DCPS generally funds those positions at the same amount, regardless of how many students attend the school. At large schools, costs like the principal's salary are spread over a greater number of students, resulting in lower funding per pupil than at small schools. To offset that effect, DCPS decided to ensure that per-pupil funding at larger schools wouldn't fall below about $9,000.

But, Henderson said, that policy cost the school system about $9 million this year, including $3 million at Wilson alone. Many of the schools receiving PPFM funds have relatively low concentrations of at-risk students. So DCPS officials decided to cut the PPFM payments for all schools other than Wilson. There, it eliminated the PPFM altogether.

That $3 million PPFM cut explains why Wilson's funding for next year is so low. As the budget data tool shows, the funds Wilson will get in other categories, including at-risk, have actually increased.

Henderson says the cuts at Wilson will be "mostly" offset by new investments that all high schools will get next year, such as a new athletics and extracurricular coordinator. But Wilson parents say that change will actually result in the elimination of one of two current staff positions, and that the overall effect of the new investments on Wilson's budget is nil.

Overcrowding at Wilson is the basic problem

The basic problem is that Wilson has too many students, while other neighborhood high schools are underenrolled. In her letter, Henderson also outlined several plans for decreasing Wilson's population next year.

For example, she pointed to over 100 out-of-bounds students there who have more than ten unexcused absences. DCPS will start enforcing an existing policy that would send such students back to their zoned schools, she said.

But Wilson parent leaders say measures like that won't make up for the cuts. And education activist Matt Frumin, a former Wilson parent, argues that enforcing the attendance policy could have harsh results. DCPS defines "unexcused absence" to include instances when a student is late, perhaps because she had to accompany a younger sibling to another school.

As a longer-term solution, Henderson pointed to the new school boundary plan that will shrink Wilson's attendance zone. But because most students are grandfathered in to their current feeder patterns, the effect on Wilson's population is years away. And Frumin, who was a member of the committee that drew up the new boundaries, says the changes will prevent Wilson's overcrowding from getting worse but won't solve the problem.

Frumin and others arguing on Wilson's behalf are asking that the school get an additional $900,000 next year. Henderson says she's already cut her administrative budget by $15 million, and there's no way to find money for Wilson without inflicting harm on other schools.

No one, including advocates for Wilson, wants that to happen. It's possible that the DC Council will appropriate additional money for the school. But one way or another, DCPS should at least treat Wilson the way it's treating other large schools that have benefited from the PPFM in the past: by reducing that allotment rather than eliminating it entirely.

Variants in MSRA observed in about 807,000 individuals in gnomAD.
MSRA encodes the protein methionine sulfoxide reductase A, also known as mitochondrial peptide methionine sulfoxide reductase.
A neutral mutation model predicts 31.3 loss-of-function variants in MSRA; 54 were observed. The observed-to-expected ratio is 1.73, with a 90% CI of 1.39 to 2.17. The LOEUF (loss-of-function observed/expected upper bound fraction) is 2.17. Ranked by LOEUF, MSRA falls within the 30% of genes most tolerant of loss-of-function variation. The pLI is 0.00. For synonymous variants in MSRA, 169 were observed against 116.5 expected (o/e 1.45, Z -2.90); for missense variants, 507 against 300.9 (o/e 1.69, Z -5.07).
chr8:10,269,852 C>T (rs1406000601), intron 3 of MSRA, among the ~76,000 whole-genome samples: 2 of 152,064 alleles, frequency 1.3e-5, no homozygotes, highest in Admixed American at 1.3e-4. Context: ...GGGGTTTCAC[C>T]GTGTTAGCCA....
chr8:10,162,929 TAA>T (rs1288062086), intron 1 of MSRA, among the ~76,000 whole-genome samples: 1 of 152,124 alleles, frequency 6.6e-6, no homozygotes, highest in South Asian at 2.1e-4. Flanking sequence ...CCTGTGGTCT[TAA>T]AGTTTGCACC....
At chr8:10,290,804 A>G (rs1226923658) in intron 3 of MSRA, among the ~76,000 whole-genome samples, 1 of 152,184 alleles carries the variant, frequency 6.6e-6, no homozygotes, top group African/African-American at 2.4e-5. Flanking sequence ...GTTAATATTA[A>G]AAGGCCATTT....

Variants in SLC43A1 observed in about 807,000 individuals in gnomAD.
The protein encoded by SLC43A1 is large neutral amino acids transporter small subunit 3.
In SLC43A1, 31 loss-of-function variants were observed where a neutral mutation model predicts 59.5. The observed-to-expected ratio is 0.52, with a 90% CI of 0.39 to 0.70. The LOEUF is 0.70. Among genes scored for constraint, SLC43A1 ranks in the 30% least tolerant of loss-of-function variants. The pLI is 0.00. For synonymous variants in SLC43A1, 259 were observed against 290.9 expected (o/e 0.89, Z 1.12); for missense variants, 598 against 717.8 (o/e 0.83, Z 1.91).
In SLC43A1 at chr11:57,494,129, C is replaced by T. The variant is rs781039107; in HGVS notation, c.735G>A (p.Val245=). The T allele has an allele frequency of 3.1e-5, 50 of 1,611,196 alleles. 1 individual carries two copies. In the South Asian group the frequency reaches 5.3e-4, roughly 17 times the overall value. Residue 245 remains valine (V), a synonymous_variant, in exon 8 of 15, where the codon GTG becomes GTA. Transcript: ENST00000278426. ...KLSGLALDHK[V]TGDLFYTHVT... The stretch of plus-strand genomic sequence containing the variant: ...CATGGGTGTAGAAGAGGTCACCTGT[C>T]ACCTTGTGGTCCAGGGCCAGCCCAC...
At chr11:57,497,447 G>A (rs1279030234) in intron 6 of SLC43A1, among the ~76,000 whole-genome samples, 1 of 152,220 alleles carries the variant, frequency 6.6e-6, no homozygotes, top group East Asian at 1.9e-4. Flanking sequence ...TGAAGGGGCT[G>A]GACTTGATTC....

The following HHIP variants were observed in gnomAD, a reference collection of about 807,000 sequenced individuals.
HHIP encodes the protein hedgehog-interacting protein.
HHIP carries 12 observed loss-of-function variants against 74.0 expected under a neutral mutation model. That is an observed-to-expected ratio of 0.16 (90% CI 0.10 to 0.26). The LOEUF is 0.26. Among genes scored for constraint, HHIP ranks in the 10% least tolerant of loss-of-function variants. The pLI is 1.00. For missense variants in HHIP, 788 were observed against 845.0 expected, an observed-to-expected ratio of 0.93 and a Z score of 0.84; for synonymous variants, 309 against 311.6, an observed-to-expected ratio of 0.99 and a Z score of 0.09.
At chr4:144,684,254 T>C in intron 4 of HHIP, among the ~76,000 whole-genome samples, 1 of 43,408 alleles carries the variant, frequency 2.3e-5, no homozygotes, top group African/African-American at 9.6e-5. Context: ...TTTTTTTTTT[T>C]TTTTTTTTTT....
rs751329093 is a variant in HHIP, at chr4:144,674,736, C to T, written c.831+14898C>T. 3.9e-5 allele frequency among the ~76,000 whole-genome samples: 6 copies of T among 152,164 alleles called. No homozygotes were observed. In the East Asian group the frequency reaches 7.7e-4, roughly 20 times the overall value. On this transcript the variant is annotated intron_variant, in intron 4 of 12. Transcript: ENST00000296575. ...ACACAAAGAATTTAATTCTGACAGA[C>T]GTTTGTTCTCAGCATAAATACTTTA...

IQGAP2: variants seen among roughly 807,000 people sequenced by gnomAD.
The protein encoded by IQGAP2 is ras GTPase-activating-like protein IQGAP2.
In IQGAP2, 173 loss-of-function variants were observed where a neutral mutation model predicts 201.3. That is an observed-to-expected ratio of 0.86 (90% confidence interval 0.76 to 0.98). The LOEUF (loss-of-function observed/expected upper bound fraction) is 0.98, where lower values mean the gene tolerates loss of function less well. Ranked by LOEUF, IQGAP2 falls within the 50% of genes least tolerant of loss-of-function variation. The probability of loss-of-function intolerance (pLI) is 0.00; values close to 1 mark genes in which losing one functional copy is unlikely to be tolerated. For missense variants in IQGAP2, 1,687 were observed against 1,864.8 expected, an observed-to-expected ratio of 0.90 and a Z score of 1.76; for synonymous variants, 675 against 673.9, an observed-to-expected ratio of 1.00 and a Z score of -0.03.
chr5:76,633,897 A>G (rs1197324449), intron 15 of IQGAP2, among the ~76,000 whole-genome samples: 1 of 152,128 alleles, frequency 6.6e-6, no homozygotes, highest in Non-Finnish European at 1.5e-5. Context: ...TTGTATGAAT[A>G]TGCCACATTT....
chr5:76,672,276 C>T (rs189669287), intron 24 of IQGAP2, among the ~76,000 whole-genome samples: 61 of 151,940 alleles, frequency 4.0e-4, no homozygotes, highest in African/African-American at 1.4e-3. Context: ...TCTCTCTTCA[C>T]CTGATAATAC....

Henderson may be right in feeling that schools with higher proportions of at-risk students need additional help. But she's mistaken in claiming that the law requires her to divert as much funding as she has from Wilson. And that claim doesn't accord with the clearly discretionary decision-making process she described in her letter to Cheh.

Even as a matter of policy, depriving Wilson of the funds it needs to succeed, and to help its nearly 600 at-risk students succeed, doesn't make sense.

Cross-posted at DC Eduphile.


DCPS plans to give Wilson High School less money to serve more students

DC Public Schools plans to cut Wilson High School's budget next year by 10%, even though the student body is expected to grow by 10%. Parent groups and the school's principal are protesting, arguing that the cuts will hurt the most vulnerable students at the relatively affluent school.

Photo of Wilson High School from DCPS website.

Next year's proposed budget will effectively reduce the school's allocation by $1.8 million, according to Interim Principal Gregory Bargeman. He and parents at Wilson warn that the cut will mean larger class sizes, decreased security, and less support for struggling students, many of whom travel to the Ward 3 school from other parts of the District.

Bargeman recently told parents and students that DCPS plans to reduce Wilson's per-student allocation from $9,276 this year to $8,306 next year, an amount he said was the lowest allocated to any neighborhood school in the District. According to Ward 3 DC Councilmember Mary Cheh, other high schools are receiving an average of close to $14,000 per student.

At the same time, the Wilson student body is growing even faster than expected. This year's budget was based on a projected enrollment of 1708, but the actual enrollment is almost 1800. That resulted in a shortfall of almost $790,000 this year.

DCPS projects that next year's enrollment will be 1878, but parents say recent trends indicate it will be at least 85 more than that. Even assuming DCPS's figure is correct, Bargeman says the school system is asking Wilson to serve 170 more students than last year with less money—$309,600 less, to be exact.